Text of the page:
Reviews > Books
A Breezy Visit With Arthur Conan Doyle and His Most Famous Creation

With Arthur and Sherlock, Michael Sims seeks to answer how Arthur Conan Doyle went from modestly successful physician to world-famous writer of detective stories.

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‘A Little History of Economics’ Provides a Charming Overview of the Dismal Science

Niall Kishtainy, writing for a general audience, provides a breezy stroll through economic thought, from Plato to Thomas Piketty.

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‘Welcome to Night Vale’ Is a “Welcome” Introduction to a Strange New World

Although it takes a while for the heart of Welcome to Night Vale to be revealed, it's ultimately worth the journey.

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Speed Bumps Are Dumb, and Other Thoughts on ‘Traffic’

Everybody hates traffic, but what should we do about it?

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This Will Be the Last Time You Hear from Me: John Darnielle’s Universal Harvester

Universal Harvester won’t shock you or stay with you for a long time, but like most found footage movies, it’ll keep you on the edge of your seat along the way.

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There Is Only One Reality, and It’s Analog

Digital dystopians beware: the analog counterrevolution is here.

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Science, Creativity, and Imagination (and the Earth)

Earth partners something even more unlikely than pumpkin and coffee or Nutella and bacon: an English professor and a planetary scientist.

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The View From There: Joan Didion’s ‘South and West’

Joan Didion went on the road 50 years ago. The trenchant observations, however fragmentary, are timely.

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‘Variety’ Is a Fascinating, Inviting Exploration Into the Concept

Analogous to the elements (i.e., atoms) generating the varied world around us, so too the elements of language can be rearranged to create a vast number of meanings.

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It’s Apple’s World, Just Click and Agree to It

Ever wonder what you agree to when you click on the terms and conditions for iTunes? Read R. Sikoryak's Terms and Conditions and be awakened.

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Works—Not ‘of Art’: Marcel Duchamp As Not an Artist

Filipovic's new book explores the ways in which Duchamp marshaled his curatorial efforts to investigate the ontological bounds of the artwork.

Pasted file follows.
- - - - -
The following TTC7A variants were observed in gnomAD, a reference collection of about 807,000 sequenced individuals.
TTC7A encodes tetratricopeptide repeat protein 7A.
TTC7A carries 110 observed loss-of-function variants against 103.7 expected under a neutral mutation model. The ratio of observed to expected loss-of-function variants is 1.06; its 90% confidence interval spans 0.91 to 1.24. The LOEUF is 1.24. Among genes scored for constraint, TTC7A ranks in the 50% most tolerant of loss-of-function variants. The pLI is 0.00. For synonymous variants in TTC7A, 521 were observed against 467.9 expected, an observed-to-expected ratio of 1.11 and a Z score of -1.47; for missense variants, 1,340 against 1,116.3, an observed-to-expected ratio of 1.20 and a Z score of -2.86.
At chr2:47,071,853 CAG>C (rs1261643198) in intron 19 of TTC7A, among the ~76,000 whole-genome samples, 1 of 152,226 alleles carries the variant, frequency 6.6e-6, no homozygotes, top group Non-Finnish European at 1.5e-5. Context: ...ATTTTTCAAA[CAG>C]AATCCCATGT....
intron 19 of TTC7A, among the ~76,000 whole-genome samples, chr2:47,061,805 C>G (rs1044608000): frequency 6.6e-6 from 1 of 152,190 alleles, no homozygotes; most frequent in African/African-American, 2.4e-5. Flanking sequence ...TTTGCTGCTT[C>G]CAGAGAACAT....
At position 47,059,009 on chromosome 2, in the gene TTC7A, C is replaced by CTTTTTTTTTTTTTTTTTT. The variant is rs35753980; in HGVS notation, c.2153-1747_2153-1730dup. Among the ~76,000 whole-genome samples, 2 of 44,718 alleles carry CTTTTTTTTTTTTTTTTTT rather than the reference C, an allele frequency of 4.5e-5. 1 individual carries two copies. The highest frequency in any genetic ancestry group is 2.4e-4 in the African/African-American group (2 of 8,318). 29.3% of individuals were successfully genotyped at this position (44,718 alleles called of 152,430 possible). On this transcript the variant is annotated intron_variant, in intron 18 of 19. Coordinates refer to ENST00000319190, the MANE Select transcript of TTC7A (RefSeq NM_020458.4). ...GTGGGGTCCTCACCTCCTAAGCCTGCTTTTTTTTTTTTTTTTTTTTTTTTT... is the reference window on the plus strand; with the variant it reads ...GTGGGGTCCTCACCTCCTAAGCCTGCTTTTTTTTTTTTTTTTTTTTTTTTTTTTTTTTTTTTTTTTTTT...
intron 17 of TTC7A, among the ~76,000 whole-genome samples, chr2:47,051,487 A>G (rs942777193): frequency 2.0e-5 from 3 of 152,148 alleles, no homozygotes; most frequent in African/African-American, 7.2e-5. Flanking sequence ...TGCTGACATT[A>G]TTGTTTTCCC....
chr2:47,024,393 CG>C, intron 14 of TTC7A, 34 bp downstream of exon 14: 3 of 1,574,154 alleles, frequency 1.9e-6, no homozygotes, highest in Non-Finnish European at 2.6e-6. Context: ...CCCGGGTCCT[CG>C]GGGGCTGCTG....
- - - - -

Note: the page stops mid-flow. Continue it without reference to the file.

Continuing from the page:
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There’s an Impactful Tale Buried Within Emma Richler’s ‘Be My Wolff’

Richler’s details can be drearily extraneous and erudite, yet they also demonstrate how dedicated and well-researched she is in regards to her characters and the world in which they live.

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‘Is It All In Your Head?’ When Imaginary Illness Is Real

Is it all in your head? According to neurologist Suzanne O'Sullivan, it doesn't really matter.

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The Country and the Metropolis: Thomas Hardy, a Divided Man

Mark Ford's compelling study offers the first thorough account of Thomas Hardy as "a London Man".

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Rose Tremain’s ‘The Gustav Sonata’ Is an Honest and Sensitive Look at Human Foibles

It’s a mark of Tremain’s accomplished writing that in these relatively short chapters there's nearly always some kind of revelation or surprise, some kind of turning point.

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On Race and Meritocracy in Academia

Today's elite universities and students claim to value diversity. But do they really?

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Food Films Get Eaten Alive by ‘Feasting Our Eyes’

So we should watch more Super Size Me and less Babette’s Feast? C’mon.

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A Letter From Your Lesbian Friend to Your Black Friend

Some reflections on the challenge of educating allies, with the help of Ben Passmore's Your Black Friend.

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‘The Book of the Dead’ Reflects the Complexity of Its Author and His Times

Orikuchi Shinobu's work helps to illustrate the power of fiction and literature to bring to life -- quite literally, in this case -- academic theories surrounding religion, folklore and sociology.

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‘Testosterone Rex’ Delivers an Anticlimactic Attempt to Extinguish Gender Myths

Light on science, heavy on smugness, Testosterone Rex, does everyone a disservice.

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Tibet House's 30th Anniversary Benefit Concert Celebrated Philip Glass' 80th

// Notes from the Road

"Philip Glass, the artistic director of the Tibet House benefits, celebrated his 80th birthday at this year's annual benefit with performances from Patti Smith, Iggy Pop, Brittany Howard, Sufjan Stevens and more.

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